I am what they call a millennial. I was born in 1995 and struggle to recall a time where technology wasn’t a part of my life. I grew up with a Virgin Lobster flip phone which had an aerial and survived the washing machine several times. We had a family computer that sat in the hallway and had to be turned off when my Nan phoned the landline. Me and my brother spent Saturday’s on the PS1, trying to manoeuvre a blobby-looking Harry Potter through Quidditch hoops.
Yes, we grew up with technology. But we were not ruled by it. Crucially, social media didn’t rule our lives and photo editing didn’t become routine until we were in our late teens. Of course, when it became easy-peasy to use a filter here and zap a pimple there, we were quick to jump on it. Now, several years down the line, there is an underground rebellion of 90’s babies who are saying no to edited photographs, because, well, it’s just not cool anymore.
During my years at the University of Manchester, it became increasingly popular to exchange an Instagram filter for a grainy snap from a disposable camera. Snapchats were reserved for horrific hungover selfies as opposed to cute bunny filters. It seemed that, after watching the world of technology grow and humanity become reliant on it, students were rebelling and seeking out a time before everyone became a professional photographer. An editing app can be downloaded for free and you can take as many photos on your phone as you like. A single disposable camera will cost you £7. A Polaroid will cost you £70. Yes, It's not easy to achieve imperfection, it's definitely not cheap to achieve an imperfect, perfect photograph. However, young people are doing it, and going out of their way to reject edited perfection.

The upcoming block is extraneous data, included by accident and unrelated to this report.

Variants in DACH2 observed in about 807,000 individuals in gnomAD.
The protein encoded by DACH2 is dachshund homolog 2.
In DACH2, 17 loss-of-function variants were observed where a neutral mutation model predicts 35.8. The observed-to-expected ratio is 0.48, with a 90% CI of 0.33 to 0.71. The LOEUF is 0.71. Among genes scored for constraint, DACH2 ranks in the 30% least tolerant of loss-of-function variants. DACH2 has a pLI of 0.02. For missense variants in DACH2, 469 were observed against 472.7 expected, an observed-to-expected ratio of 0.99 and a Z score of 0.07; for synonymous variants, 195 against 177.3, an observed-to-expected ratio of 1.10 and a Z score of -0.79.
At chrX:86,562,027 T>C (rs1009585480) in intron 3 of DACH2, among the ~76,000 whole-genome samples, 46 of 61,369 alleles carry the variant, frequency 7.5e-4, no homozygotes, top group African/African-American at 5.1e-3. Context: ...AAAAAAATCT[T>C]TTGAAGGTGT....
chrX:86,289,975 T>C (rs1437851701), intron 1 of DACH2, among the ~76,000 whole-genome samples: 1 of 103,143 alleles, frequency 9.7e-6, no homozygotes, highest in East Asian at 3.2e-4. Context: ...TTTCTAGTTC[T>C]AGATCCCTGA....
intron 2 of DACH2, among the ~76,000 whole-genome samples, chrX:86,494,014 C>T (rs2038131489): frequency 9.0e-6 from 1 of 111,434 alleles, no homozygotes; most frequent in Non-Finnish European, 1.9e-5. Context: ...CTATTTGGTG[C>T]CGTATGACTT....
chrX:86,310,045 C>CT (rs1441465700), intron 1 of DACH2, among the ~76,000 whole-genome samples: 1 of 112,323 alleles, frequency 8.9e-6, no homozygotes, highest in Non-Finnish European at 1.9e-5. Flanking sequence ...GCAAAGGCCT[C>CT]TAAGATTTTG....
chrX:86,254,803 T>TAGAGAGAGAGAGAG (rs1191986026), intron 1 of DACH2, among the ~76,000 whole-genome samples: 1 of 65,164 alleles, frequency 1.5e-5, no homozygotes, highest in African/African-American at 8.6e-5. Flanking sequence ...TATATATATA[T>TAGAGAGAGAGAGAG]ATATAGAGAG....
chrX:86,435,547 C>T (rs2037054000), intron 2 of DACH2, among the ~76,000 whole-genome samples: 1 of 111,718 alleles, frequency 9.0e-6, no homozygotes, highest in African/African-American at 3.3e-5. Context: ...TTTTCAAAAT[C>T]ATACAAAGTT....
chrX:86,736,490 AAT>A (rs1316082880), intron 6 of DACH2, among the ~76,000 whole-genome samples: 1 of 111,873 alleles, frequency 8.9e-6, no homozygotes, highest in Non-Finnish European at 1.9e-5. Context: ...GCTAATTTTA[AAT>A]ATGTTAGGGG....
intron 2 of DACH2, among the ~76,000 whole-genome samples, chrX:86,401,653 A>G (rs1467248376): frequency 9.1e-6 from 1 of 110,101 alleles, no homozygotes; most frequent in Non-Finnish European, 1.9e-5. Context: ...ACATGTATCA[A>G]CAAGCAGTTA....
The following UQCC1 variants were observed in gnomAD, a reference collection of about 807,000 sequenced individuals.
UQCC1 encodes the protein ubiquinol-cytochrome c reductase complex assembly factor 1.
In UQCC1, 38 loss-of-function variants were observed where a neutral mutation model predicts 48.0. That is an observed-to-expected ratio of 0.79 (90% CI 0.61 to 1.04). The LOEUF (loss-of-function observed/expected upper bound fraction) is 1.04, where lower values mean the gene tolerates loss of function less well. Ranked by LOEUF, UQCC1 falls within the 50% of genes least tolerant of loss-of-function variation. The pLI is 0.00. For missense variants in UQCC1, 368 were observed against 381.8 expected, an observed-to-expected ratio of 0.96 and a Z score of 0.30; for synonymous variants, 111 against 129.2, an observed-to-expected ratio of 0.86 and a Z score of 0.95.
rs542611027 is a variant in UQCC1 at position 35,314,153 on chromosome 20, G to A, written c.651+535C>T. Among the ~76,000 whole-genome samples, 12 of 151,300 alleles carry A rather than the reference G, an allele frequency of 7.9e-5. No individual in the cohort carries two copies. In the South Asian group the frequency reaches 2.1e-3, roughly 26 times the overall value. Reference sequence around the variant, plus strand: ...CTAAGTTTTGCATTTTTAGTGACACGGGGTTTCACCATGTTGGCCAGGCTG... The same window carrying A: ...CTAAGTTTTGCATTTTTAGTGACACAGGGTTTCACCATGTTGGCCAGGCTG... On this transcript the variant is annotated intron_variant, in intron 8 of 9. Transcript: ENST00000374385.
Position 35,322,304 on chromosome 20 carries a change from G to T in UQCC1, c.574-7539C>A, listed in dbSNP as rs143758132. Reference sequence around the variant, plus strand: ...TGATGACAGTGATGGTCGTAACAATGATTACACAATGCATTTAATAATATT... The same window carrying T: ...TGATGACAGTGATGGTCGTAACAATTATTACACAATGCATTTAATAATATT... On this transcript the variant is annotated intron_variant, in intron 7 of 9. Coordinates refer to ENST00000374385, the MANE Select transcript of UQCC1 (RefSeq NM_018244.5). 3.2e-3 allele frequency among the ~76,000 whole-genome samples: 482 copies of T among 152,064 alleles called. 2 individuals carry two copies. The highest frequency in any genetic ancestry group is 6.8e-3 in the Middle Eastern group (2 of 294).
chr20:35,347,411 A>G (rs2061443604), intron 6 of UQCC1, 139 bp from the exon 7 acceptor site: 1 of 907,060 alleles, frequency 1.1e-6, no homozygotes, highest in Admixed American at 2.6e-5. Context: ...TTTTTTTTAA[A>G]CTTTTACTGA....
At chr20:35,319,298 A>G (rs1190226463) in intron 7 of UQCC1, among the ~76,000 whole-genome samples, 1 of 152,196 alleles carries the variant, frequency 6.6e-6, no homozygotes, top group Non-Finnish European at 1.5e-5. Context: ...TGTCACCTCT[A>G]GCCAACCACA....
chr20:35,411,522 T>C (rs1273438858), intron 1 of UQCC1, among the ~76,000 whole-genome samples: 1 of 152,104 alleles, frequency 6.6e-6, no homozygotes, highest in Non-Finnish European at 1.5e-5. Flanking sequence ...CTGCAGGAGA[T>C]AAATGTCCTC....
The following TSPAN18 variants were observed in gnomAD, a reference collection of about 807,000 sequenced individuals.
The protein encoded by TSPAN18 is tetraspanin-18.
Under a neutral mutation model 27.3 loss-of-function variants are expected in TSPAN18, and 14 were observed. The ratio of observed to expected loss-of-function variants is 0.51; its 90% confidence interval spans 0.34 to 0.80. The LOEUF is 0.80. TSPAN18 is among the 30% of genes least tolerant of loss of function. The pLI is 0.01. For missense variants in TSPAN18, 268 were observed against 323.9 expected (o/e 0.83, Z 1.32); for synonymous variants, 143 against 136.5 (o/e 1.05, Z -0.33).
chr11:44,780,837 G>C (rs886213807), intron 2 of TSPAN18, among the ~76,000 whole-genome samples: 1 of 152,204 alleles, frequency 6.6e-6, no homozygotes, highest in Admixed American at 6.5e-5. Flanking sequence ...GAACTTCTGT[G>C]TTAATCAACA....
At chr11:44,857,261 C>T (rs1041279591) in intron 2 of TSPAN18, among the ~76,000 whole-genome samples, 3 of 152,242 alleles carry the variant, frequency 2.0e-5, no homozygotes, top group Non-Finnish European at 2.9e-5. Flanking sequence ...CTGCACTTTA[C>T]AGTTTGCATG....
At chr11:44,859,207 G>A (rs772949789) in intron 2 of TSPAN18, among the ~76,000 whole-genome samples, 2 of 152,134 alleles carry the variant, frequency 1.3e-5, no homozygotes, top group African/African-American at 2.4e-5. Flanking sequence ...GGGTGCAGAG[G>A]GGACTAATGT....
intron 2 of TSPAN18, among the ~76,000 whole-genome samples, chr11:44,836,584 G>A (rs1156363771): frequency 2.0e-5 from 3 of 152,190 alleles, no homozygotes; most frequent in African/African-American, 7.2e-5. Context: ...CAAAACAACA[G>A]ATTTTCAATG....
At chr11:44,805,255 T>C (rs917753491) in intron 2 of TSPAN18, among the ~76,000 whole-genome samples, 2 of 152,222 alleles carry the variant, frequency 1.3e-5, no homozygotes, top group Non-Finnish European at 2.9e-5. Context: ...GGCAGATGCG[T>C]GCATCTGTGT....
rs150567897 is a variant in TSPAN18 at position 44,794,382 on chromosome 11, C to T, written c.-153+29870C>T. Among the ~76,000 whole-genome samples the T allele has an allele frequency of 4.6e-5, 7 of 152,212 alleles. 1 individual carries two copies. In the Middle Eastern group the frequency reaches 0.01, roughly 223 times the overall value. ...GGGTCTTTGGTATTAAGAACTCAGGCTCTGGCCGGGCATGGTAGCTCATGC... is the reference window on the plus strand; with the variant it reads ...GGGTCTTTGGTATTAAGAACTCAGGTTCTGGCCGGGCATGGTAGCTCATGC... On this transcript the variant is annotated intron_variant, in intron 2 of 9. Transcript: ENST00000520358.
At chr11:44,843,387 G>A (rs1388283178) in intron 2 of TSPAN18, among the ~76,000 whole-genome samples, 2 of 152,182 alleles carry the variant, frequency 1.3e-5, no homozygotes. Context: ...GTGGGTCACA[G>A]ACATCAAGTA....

But why is this, exactly? Is it the result of panicking twenty-somethings who are diving back into the comforts of childhood? Is it simply a fad for the cool kids; a fashionable choice? Or is it indeed an active decision to go against technological perfection and capture a true moment in time?
Many would argue the latter. Students are joining together to rebel against mind-corrupting, image-manipulating technology. They are rebelling against a supposedly ‘fake life’, and yet, disposable images are just as unreal as Photoshopped ones. Yes, they capture a moment in time, but they represent a time before technology that simply doesn’t exist anymore. They create the illusion of a gritty and edgy setting which is unlikely to exist. It is just another form of editing. It is just another type of image manipulation.
And so, even in the millennial war against edited images, we have still fallen subject to a false reality. This begs the question, can we ever truly capture reality when technology has become so ingrained in our lives?
The point is, images have never truly captured reality. The concept of posing and capturing an image is in itself unnatural. Da Vinci’s Mona Lisa projects a false reality just as a 21st Century magazine cover does. It has nothing to do with technology and everything to do with the historical tradition of staged and embellished images.
Whether it’s a painting, a Polaroid or a poster on the side of a bus, images are never truly reality. They are often highly edited and pushed out into the world as ‘natural’. So in the quest for perfection, what is lost and/or gained in the editing of pictures? Why edit at all?